Who would you like to be your mentor, and what would you ask him or her?
Greg: Fred Wilson (NYC) seems to be leading the pack of Angel Investors these days. Most of what he touches turns to gold. The same could be said of Ron Conway (SF), but these days the activity comes mostly from his group of wildcats at SV Angels. If any of them wanted to show support I would simply ask them what we could do to add value to our community and ensure we’re on the right track. As is, we provide startup docs, media attention, design help, group trips, recruiting services, weeks of mentorship, and a platform to get six-figure funding.
Who is your mentor, and what was the last great thing he or she told you and your team?
Greg: This is going to sound awful, but I follow a lot of Dave McClure’s teachings (500 startups). He’s one of the most outspoken and polarizing people in the startup community, but there’s a lot of wisdom in the things he says. If you synthesize his information properly, then you’ll have a blueprint for success in angel investing (spray and pray). Even renowned investors like Google Ventures’s Joe Kraus (founder of Excite.com) will tell you that no one knows what they’re doing in early stage investing—Dave is just the first one to embrace that whole-heartedly. My team takes a page from that book, adds a competitive angle to it, and supports top teams in anyway we can to ensure their success.
Jeff Tennanbaum from Blue Run Ventures has been really supportive keep my head down and keep crushing it and we’d have a 1m business in a year. Thomas Korte from AngelPad (#4 on Forbes incubator list) has been a great advisor also. I’ve had some great chats with Boston’s David Beisel also.
What has overjoyed you in the past month?
Greg: VegasTech (the investment arm of Zappos founder Tony Hsieh) flew our top hackathon teams out to Vegas last week to see their Downtown Vegas redevelopment program and recruit our teams to move there. It was an amazing experience and a great chance to bond with our AngelHack winners. While there, we also met some agency people who told us their brands would flip head over heels to be part of what we’re doing and support our global entrepreneurship initiative. I asked them what we’d have to provide them in return and they said “nothing…we just want to help you and your community succeed.” That was pretty rad.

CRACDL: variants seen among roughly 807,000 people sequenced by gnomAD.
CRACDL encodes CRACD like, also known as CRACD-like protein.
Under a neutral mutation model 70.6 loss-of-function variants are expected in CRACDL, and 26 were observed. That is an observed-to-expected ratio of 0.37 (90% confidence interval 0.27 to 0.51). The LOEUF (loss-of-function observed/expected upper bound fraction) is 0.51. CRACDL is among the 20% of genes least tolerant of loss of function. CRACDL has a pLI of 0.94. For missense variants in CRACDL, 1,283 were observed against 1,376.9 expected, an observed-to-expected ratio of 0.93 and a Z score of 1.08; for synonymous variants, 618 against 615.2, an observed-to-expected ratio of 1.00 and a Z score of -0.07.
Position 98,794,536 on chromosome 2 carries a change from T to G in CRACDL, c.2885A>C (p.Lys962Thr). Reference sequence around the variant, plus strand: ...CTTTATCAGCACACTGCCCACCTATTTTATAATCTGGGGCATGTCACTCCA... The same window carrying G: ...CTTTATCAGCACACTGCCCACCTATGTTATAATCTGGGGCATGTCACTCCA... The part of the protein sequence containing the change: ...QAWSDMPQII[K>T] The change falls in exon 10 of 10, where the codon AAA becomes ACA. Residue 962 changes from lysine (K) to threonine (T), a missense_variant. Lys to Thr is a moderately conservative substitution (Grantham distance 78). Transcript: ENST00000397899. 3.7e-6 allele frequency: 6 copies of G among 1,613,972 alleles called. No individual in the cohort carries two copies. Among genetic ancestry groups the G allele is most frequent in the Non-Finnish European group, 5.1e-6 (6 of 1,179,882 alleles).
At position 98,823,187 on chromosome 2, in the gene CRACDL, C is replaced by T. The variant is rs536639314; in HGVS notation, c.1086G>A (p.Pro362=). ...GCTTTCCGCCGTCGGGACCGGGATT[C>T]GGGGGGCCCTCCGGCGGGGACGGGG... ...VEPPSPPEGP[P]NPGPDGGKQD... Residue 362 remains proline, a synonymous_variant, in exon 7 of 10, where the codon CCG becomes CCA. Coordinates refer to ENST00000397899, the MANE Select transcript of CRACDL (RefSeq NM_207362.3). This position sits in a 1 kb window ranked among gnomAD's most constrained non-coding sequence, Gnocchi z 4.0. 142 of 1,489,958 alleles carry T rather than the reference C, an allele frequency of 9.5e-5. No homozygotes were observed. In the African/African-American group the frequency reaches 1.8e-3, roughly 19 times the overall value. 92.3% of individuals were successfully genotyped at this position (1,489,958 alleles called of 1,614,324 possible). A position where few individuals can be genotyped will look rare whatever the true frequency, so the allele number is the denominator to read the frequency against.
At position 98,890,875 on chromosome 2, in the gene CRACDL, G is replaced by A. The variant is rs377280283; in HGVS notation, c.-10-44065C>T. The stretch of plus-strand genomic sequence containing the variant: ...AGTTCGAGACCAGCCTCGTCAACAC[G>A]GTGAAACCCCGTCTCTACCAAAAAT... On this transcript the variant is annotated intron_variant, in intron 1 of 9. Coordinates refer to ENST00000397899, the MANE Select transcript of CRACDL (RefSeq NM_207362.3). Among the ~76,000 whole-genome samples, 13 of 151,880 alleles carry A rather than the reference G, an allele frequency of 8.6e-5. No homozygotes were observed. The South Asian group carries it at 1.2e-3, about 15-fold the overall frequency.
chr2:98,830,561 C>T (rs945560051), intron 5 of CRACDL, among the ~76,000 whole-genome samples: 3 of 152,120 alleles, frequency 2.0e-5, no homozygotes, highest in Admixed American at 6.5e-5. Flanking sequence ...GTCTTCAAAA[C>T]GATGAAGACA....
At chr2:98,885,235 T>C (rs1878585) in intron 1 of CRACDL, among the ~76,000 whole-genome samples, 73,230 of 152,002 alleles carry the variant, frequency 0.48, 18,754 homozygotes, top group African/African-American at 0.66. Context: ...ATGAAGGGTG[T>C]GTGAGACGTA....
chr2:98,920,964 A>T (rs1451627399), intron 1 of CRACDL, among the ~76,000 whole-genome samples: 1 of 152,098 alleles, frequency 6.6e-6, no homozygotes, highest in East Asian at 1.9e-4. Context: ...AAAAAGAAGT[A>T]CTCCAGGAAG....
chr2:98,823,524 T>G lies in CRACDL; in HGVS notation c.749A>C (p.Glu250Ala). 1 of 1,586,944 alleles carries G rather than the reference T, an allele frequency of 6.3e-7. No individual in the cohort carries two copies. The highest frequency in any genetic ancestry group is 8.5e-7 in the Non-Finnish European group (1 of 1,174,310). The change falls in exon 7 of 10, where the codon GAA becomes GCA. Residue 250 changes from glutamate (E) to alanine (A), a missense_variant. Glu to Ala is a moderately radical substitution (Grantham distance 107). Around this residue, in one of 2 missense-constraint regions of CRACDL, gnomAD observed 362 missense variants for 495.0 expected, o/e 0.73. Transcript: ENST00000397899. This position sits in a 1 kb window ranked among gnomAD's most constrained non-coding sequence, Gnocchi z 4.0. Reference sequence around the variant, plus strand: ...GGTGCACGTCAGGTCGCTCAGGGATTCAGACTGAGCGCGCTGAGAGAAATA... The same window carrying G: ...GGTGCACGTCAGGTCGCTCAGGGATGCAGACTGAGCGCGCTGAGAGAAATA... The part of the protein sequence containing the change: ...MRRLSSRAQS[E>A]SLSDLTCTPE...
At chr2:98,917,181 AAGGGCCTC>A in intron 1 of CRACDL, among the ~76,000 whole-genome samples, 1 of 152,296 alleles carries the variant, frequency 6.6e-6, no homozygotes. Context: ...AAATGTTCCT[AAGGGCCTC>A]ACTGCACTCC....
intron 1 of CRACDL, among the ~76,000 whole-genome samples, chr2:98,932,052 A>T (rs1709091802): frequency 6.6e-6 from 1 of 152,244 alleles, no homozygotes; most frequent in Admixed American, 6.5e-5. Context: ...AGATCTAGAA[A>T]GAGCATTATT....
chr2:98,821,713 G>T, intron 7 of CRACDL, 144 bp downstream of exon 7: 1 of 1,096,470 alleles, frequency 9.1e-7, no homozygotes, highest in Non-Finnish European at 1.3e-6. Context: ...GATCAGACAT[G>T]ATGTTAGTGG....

What does something in your business vertical need in order for the product to be successful?
Greg: We need more support from the investment community in mentoring our teams. As we expand across the globe we’ll be looking for local angel investors to mentor/guide and potentially invest in our top teams as they begin their startup journey. That is our priority right now.
How does your company utilize next generation marketing techniques?
Greg: This is going to sound passe, but for us having a strong twitter presence was crucial to taking things to the next level (@AngelHack #AngelHack). It took us 6 months to find a team member who could manage our account well, but once we found her things got pretty awesome, pretty fast. Our last event only had around 1,000 attendees, but almost everyone I meet has heard about AngelHack since there was so much activity on Twitter. At one point we were a trending topic, which was pretty rad.
Has starting your own company provided any answers about your life?
AngelHack is my fourth company, but my first Silicon Valley venture. Starting a company in the Valley teaches you how to focus on community and what it looks like to work around great people. It also provides you with the best entrepreneurial mentors in the world – bar none! Combined, you have no excuse to not succeed here except for your own shortcomings (and luck—all startups are 50% luck). What I’ve learned with AngelHack is that I wasn’t a failure because my previous businesses didn’t succeed, only a failure in seeking out great mentors, opportunities, and the right community of people.
Have you discovered something about yourself that you didn’t know before?
From pushing myself to succeed I’ve learned my second gear – the tear through walls, act now, don’t hesitate mentality that once you get going will give you the confidence to tackle anything. One of the nicest feelings in life is knowing you have the power to get things done and FAST! The key for me was to stop worrying about getting things done right and just focus on getting them done. The quality of work will increase over time as your brain gets used to moving so fast. Too often we give ourselves excuses to slow us down – overcoming the bullshit is what makes great leaders and in tech – great founders.